These three episodes are connected, in that they represent the first stages of the unfolding of the Davidic royal dynasty ultimately leading to the Mashiach (Messiah). The three episodes also symbolize the stages of maturation of consciousness from being asleep and unaware to being awake and unaware to finally being awake and aware. It is this third level of consciousness that one must reach in order to receive the Torah.
Perhaps we can draw a parallel between these three levels of consciousness and the three ordinary states of matter—solid, liquid, and gas. For example, water turns into solid ice at temperatures below zero degrees Celsius. In this frozen state, water molecules have low energy and barely move. Above zero but below 100 degrees Celsius, water is liquid. The energy of the water molecules is increased, with molecules moving around briskly. Although water molecules are no longer confined to the crystalline structure of ice, they are still connected in long polymer-like chains. So, at these temperatures, water molecules acquire more degrees of freedom, but are not completely free. Above 100 degrees Celsius, water molecules move so fast that they break free of the chemical bonds that hold them together and evaporate—that is, they become vapor (gas). At such temperatures, water molecules are completely free and unconfined by any structure—neither crystalline grid nor polymer-like chains. In this analogy, molecules’ motion is parallel to the levels of consciousness, whereas the degrees of freedom are parallel to the awareness.
Let us summarize this parallel in the following chart:
|State of Matter/Biblical Personality||Movement/Consciousness||Degrees of Freedom/Awareness|
We might even liken the speed of the water molecules in this example to the “speed” (or, more precisely, frequency) of the brainwaves that signify one’s level of consciousness. Indeed, the brainwaves that manifest a person’s level of consciousness are slowest during deep sleep, which is characterized by the delta rhythms of 4 Hz and below. The state of wakefulness is characterized by the beta rhythm of 12 Hz and above. And heightened awareness and focus correspond to the gamma rhythm of 50 Hz.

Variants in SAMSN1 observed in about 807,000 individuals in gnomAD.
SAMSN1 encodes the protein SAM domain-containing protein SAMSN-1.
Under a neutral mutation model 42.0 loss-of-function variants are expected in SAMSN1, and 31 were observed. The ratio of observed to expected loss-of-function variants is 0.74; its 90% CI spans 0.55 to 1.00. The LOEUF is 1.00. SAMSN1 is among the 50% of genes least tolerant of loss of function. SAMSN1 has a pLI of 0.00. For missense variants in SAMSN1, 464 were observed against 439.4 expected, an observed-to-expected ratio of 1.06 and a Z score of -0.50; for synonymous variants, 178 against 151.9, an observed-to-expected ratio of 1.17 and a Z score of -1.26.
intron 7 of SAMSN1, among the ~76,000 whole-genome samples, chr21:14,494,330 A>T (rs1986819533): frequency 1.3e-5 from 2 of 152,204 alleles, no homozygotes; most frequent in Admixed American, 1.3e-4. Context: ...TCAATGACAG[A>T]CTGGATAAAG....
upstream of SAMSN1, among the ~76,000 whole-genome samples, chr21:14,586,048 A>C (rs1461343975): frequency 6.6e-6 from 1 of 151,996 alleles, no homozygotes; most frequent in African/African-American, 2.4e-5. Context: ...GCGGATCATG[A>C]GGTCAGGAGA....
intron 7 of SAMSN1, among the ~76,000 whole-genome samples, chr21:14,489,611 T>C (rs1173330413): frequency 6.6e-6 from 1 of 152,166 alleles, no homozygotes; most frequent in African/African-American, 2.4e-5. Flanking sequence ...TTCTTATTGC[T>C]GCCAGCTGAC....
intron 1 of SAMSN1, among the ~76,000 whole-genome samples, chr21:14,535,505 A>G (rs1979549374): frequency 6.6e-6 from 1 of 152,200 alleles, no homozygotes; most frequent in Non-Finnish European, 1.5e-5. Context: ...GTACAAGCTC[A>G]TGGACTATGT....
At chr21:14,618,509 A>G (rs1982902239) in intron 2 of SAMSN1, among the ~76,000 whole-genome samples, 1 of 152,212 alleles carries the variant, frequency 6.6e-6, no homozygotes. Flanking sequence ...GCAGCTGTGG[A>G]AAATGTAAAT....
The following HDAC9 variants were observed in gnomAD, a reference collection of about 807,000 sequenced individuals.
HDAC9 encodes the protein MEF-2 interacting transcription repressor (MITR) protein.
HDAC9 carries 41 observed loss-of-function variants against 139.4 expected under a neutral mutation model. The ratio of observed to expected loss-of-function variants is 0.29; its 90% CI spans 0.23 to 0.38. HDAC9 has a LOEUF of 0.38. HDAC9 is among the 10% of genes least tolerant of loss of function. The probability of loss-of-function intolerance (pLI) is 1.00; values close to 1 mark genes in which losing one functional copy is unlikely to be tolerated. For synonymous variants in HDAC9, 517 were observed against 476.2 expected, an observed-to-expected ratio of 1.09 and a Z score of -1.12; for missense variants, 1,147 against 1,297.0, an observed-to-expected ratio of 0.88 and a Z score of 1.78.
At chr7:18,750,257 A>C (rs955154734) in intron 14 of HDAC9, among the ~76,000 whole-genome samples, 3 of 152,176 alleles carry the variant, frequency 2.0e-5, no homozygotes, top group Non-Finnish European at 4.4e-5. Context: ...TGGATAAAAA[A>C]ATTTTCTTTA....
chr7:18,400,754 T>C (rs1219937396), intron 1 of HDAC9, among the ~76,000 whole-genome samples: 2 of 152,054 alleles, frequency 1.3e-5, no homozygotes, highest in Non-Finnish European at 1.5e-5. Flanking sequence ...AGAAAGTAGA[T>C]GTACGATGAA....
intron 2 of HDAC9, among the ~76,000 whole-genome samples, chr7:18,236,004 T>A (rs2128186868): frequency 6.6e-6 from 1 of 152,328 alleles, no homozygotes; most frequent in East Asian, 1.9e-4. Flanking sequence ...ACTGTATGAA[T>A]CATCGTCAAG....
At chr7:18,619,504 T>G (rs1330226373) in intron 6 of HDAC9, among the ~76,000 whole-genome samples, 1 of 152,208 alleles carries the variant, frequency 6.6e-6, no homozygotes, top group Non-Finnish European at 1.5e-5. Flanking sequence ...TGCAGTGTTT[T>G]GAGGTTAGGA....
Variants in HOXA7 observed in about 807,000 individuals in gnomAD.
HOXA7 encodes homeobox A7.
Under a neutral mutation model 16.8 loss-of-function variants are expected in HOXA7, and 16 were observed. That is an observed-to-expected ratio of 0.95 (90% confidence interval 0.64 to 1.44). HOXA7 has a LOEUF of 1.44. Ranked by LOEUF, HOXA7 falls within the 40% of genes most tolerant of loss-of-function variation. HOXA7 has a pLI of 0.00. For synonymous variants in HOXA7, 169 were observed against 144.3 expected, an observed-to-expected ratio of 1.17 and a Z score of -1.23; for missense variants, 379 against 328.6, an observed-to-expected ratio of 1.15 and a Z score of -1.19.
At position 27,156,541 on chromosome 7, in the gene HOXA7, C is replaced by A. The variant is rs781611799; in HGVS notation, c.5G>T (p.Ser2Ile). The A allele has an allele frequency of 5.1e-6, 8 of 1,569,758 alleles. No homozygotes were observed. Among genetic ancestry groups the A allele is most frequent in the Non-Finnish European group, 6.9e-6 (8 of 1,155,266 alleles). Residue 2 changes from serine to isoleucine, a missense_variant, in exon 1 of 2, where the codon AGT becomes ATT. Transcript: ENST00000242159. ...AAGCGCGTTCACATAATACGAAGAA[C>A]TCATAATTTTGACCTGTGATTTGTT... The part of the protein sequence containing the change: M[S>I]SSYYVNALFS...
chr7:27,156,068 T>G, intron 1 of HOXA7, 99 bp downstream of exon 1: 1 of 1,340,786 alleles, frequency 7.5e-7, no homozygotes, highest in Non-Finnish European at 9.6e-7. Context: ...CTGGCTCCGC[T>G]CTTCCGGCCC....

To return to our examples from the Bible, the progression of consciousness and awareness in the three biblical stories is as follows: we start with Lot who was neither conscious nor aware; we then progress to Judah, who was conscious but unaware of the identity of the woman he mistook for a harlot; and finally, we meet Boaz who was both conscious and fully aware of the identity of Ruth (as the widow of his relative), her pure intentions (to enter into levirate marriage, as required by Torah law), and his own obligations under Torah law, as being obligated to redeem his relative’s land and marry his widow in the levirate marriage ceremony.
We read the Book of Ruth on Shavuot not only because Ruth was a grandmother of King David whose yortzait (anniversary of passing) is on Shavuot, but also because we want to tap into this highest level of consciousness symbolized by the relationship between Ruth and Boaz to open our minds to receiving the Torah.
Now we can understand why the Shavuot always falls on the fiftieth day. The number 50 represents the highest level of wisdom, Nun Shaarei Binah, 50 gates of wisdom. The fiftieth gate is unachievable; only Moses merited reaching this highest level. Through our own efforts, we can reach at most 49 levels (which is what we are meant to do during the 49 days of the counting of the Omer—Sefirat HaOmer), but the ability to reach the fiftieth level can only be granted by G-d as a gift.
May G‑d open our minds and expand our conscience so that we can merit receive the Torah on Shavuot b’simchah (with Joy) ub’pnimiut (and internalize it)!